It’s flood season again on the Upper Mississippi River. While flooding this year has been mild so far, studying the trends over the last decade has become a full-time job for Teresa Stadelmann, vice president of H.R. Green, a Cedar Rapids, Iowa-based engineering and design firm.

Also the company's water resources regional manager for Iowa and Minnesota, she is working on three studies to determine options for cities and towns that are struggling with more storms, rising water levels, aging infrastructure and lack of funding. Stadelmann says that 20 years ago, such research was barely a business, but today “It’s keeping me busy.”

The City of Davenport is one of H.R. Green’s customers. It was seriously flooded in 1993, when hundreds of levees failed, and then again in 2008. Since then, flooding has not been annual, but hardly a year goes by without some dangerously high water.

The situation, howeever, is not as bad as it looks, says Clay Merritt, Davenport assistant public works director. “Over the last couple of decades, the city has decided to live with the river,"  he says. "Davenport has about nine miles along the Mississippi River, the vast majority of which is now riverfront parks. You've probably seen the pictures ... that show huge amounts of flooding, but most of that is parkland.”

One project H.R. Green suggested to the city that made a big difference was rebuilding old storm sewers, some of which were constructed before 1846, when Iowa became a state. 

“River Drive, which is a state highway, was always inundated because the river water came up under the storm sewer system,” Merritt says. “We were able to reconfigure the storm sewers in that area and that keeps that intersection open for travel for an extra 4 ft. Now, the river doesn't block the intersection with water until about flood stage at 22 feet. That means we are able to avoid floods impacting travel most of the of time.” 

Flooding Where the Mississippi Begins

Flooding caused by late and heavy snow and resulting snow melt inundated portions of northern Minnesota this year. Omid Mohseni, vice president and senior water resources engineer at Barr Engineering, a Minneapolis-based consultant, says weather patterns are changing and that makes predicting floods more difficult. “The most important thing is that the communities are more concerned, and they are asking for more help,” he says. “We are providing more support for different communities with respect to mitigating floods.”

Approaches to flood mitigation are also changing, Mohseni adds. “A lot of green infrastructure is what clients are looking at. Their expectations are not the old ways of just storing and then slowly releasing water. They also want us to come up with designs that are in harmony with the environment, and they aren’t purely looking at flooding events. They want designs that have other benefits for the communities.”

This includes passive protections such as park space and open land designed to drain standing water naturally.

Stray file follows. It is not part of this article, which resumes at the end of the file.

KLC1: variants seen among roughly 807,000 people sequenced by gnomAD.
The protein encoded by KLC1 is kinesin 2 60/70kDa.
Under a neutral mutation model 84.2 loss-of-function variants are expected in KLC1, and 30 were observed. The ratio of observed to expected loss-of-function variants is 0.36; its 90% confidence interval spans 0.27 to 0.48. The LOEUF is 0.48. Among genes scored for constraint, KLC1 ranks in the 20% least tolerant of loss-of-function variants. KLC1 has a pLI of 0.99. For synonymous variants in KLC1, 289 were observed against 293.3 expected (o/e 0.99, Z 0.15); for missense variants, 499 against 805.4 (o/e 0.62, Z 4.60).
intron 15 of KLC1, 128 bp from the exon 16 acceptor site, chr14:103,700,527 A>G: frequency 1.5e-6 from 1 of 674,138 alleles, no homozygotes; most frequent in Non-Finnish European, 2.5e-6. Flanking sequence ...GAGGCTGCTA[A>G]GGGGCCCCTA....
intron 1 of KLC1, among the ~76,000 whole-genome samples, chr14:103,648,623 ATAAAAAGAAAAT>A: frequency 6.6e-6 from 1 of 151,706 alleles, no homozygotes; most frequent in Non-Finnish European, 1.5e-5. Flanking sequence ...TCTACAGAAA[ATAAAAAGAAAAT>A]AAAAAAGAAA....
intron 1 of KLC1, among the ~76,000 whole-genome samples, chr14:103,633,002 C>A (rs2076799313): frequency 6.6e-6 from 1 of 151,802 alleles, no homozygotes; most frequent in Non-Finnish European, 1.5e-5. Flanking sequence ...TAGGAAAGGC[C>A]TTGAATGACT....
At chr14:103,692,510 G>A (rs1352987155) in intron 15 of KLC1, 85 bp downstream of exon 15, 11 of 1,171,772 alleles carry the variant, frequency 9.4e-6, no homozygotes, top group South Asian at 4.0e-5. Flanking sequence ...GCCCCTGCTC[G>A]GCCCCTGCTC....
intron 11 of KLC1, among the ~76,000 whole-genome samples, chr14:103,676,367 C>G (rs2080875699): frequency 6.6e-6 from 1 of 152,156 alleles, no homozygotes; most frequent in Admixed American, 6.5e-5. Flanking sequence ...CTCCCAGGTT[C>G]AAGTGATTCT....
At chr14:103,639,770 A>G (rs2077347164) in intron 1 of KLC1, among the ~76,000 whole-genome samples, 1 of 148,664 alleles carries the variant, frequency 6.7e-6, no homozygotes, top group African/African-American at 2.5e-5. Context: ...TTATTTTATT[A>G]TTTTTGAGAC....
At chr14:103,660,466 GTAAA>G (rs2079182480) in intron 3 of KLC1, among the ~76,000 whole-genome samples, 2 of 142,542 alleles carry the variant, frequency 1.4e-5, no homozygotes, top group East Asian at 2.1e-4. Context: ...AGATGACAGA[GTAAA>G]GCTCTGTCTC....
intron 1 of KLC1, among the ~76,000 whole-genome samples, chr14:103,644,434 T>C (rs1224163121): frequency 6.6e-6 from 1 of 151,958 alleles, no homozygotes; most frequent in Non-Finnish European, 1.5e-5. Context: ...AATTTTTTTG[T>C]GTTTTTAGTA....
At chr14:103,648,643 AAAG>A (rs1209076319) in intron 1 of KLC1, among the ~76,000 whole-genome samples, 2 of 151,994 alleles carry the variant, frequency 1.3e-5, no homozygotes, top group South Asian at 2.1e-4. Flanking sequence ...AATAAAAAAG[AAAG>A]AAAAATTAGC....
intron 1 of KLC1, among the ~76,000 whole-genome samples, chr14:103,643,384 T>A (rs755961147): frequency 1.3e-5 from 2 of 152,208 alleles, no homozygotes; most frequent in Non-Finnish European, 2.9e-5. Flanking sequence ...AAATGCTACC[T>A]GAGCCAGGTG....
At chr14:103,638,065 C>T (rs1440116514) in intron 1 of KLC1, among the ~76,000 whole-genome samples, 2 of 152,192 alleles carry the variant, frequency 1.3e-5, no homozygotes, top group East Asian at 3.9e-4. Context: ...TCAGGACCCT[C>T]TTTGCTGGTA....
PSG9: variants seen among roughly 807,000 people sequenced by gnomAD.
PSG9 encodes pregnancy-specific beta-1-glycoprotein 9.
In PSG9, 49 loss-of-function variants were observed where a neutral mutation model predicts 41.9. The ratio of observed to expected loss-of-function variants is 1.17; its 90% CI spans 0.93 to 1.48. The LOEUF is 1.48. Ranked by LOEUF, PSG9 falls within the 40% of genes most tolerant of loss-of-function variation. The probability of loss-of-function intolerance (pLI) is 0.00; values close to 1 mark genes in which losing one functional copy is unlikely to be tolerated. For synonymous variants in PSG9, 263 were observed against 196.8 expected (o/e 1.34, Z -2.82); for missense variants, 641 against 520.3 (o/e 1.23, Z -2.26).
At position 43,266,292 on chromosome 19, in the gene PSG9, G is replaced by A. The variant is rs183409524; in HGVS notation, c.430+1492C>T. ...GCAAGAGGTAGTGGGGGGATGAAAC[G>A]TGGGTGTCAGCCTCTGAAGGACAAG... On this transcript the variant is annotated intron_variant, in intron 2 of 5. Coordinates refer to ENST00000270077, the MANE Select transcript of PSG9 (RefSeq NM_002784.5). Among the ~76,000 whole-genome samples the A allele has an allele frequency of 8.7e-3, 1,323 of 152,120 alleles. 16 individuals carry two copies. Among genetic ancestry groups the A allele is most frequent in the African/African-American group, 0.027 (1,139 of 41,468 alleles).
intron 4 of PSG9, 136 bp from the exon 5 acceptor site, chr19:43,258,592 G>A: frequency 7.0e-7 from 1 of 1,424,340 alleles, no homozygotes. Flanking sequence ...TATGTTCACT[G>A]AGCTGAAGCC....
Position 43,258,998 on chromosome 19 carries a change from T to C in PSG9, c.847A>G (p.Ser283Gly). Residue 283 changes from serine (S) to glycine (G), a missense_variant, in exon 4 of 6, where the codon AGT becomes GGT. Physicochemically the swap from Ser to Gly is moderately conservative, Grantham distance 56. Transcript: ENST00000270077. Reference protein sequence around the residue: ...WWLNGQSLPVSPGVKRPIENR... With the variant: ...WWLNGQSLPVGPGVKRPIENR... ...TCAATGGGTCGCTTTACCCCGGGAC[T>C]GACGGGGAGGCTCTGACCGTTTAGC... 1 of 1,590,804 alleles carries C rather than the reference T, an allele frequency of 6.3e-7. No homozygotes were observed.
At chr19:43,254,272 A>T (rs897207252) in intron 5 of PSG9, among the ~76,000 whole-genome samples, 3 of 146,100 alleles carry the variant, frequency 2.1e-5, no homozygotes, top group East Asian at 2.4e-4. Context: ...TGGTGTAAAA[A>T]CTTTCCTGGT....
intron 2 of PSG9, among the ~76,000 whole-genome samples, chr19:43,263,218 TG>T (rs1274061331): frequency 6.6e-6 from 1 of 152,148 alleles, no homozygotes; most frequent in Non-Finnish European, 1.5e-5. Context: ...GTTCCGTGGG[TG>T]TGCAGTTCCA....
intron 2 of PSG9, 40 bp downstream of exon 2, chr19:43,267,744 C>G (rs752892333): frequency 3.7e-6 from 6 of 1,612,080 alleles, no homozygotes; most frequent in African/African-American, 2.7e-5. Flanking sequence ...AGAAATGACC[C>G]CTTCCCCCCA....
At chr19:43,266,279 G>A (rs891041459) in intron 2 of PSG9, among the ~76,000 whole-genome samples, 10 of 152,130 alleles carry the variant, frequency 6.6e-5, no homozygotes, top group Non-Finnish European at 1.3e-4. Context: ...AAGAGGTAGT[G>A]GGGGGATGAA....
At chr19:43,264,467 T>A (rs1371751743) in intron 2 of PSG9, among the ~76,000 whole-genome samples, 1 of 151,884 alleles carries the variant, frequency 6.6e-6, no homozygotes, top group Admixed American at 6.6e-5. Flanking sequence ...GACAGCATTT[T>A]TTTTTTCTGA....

Besides the public sector, Mohseni says his company also has mining and utilities clients that can be heavily impacted by extreme events and runoff. 

It’s About the Money

Financing flood mitigation projects is always an issue, says Jonathan Remo, associate professor of geography and environmental resources at Southern Illinois University. His specialties include river science, river management, flood hazard assessment and mitigation.  

“We have a flood mitigation system along the Mississippi River that was largely built out in the 1950s and 1960s with mostly federal funds. Today it's been turned over to the locals,” he says. 

That means most levee systems along the upper Mississippi River from St. Louis north are locally maintained, usually by local taxing bodies known as levee districts that were created in the aftermath of the Civil War. 

If levee and other flood mitigation systems have been well maintained over the years, the U.S. Army Corp of Engineers adds them into the National Levee Safety Program, where there is funding available to repair and build at no cost to local communities. But many communities have not done maintenance for years. Initially, municipalities said it was because they do not believe it is necessary for rare events. As flooding has become more frequent, however, local reasoning has started to shift because communities cannot afford maintenance with budgets allocated to dealing with the events, Remo says. 

Some Mississippi River communities still rely on hollowed-out sequoia trees hauled from the West Coast in the 1950s to function as pressure relief wells, he says. Bringing systems like these up to date would cost billions of dollars, and small towns and levee districts in rural areas that lack funding also cannot tax themselves enough to generate it.

Remo sees financing as what keeps this segment of the engineering and design business from being a lot bigger than it is. “Plenty of qualified people would like to do that work, but there’s no money to pay them,” he says.